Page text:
Tyler Estate Planning and Asset Protection Lawyer
There are two things inescapable in this world: death and taxes. So we agree we all die, right? The problem with death is that none of us want to face that reality, me included. An estate is just a fancy word of what belongs to you when you die. Your “estate” is whatever you have left when you die. When you die, whatever is “yours” is still yours, even at your death. It can’t be given or deeded or provided to other people without someone with authority blessing as much, except in limited circumstances such as beneficiaries of a 401K or a payable-on-death bank account, for example. But otherwise, nothing automatically transfers to who you want it to transfer to, absent an order from the Court.
And an order from the Court usually requires lawyers.
So why plan for it or worry about it if you’re dead? Several reasons.
First, you can spend your whole life trying to save money, protect your family, grow your wealth, get a 401K, have a pension, have an IRA, have a savings account, save for retirement, pay off your car, pay off your home, save for your kids – whatever. If you die, though, whatever you have goes to others. You can’t take any of it with you. And in some ways that’s great, as hopefully you’re headed to a place where you need it no more, but it’s absolutely not great if what you have goes to those you don’t intend for it to go to. Or if your family has to spend thousands of dollars to get it where it should get. So all that you plan for and strive for in life is essential to protect in death. Either you control what you planned for and provided for, or you let others control it for you.
Second, there is almost nothing like death that brings out human greed. Sometimes heirs of an estate (those who can get your stuff when you die) work reasonably together and resolve things. Many times they don’t. A proper estate plan can help avoid that problem, or at least make it easier for those who might have to deal with a troublesome relative.
If you do not have a will, you die “intestate.” That means that you fall upon the State’s statutory scheme (law as provide by statute) in terms of how property gets distributed for those without a will. You don’t want the government to control how you want your property distributed – you want to control it. And you want to minimize the fights that result from greed.
And in Texas we have two types of estate administrations. Generally, there is an “independent” and “dependent” administration. A will allows you to appoint an independent estate administrator – someone who you appoint, essentially, to settle the affairs of your estate after you die. All that person needs to do is to do what you have requested in a will, and they need to pay off debts and confirm to the Court that they did what you asked. That is cheap, figuratively.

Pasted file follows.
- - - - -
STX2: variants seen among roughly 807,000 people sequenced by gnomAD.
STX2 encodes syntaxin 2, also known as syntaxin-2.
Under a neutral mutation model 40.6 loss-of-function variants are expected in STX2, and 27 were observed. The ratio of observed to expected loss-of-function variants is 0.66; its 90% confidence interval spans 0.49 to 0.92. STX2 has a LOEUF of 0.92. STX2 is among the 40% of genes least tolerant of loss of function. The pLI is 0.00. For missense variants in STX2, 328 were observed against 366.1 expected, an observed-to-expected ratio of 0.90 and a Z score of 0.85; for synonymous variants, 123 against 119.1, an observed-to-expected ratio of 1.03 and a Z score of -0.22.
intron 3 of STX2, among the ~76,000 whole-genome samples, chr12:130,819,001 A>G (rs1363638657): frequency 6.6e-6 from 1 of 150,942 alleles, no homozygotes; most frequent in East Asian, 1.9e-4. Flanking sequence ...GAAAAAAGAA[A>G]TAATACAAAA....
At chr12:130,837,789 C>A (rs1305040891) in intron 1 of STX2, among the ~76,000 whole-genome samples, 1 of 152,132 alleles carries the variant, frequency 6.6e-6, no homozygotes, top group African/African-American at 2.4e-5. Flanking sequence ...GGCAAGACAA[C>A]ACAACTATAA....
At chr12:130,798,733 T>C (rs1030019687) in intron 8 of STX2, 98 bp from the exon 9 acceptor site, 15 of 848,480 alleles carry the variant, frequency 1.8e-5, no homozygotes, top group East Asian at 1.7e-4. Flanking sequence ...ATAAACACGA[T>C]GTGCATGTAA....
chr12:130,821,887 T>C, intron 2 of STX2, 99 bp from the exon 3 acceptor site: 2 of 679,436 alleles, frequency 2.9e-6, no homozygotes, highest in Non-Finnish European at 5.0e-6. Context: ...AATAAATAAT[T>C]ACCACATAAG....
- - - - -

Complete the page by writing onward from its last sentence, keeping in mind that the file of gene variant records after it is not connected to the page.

But without a will, generally the Court will require a “dependent administration,” which means two things. One, an estate administrator has to be appointed by the Court – someone you may or may not have wanted to handle your estate. But two, that means that almost everything that the estate administrator wants to do has to be approved by the Court. Let’s say you have a $500 credit card balance when you die. A dependent administrator generally has to go to the Court and ask permission to pay that balance. Asking the Court requires time and money – usually legal fees are involved. Just over a $500 credit card balance. Your estate will spend far more in legal fees than $500. And an independent administrator can just pay the balance and report it to the Court. So an independent administration is much cheaper – meaning that more of your money and assets actually go to who you want them to go to instead of costs of court.
Estate planning is the process of developing documentation per your instructions for your assets and your care, upon your incapacitation or death.
Having an estate plan is essential for every family. However, there is not a one-size-fits-all formula, and I listen to your expectations and needs before we review the specific circumstances of your estate. If you need to speak with an attorney about your estate plan, please give me a call.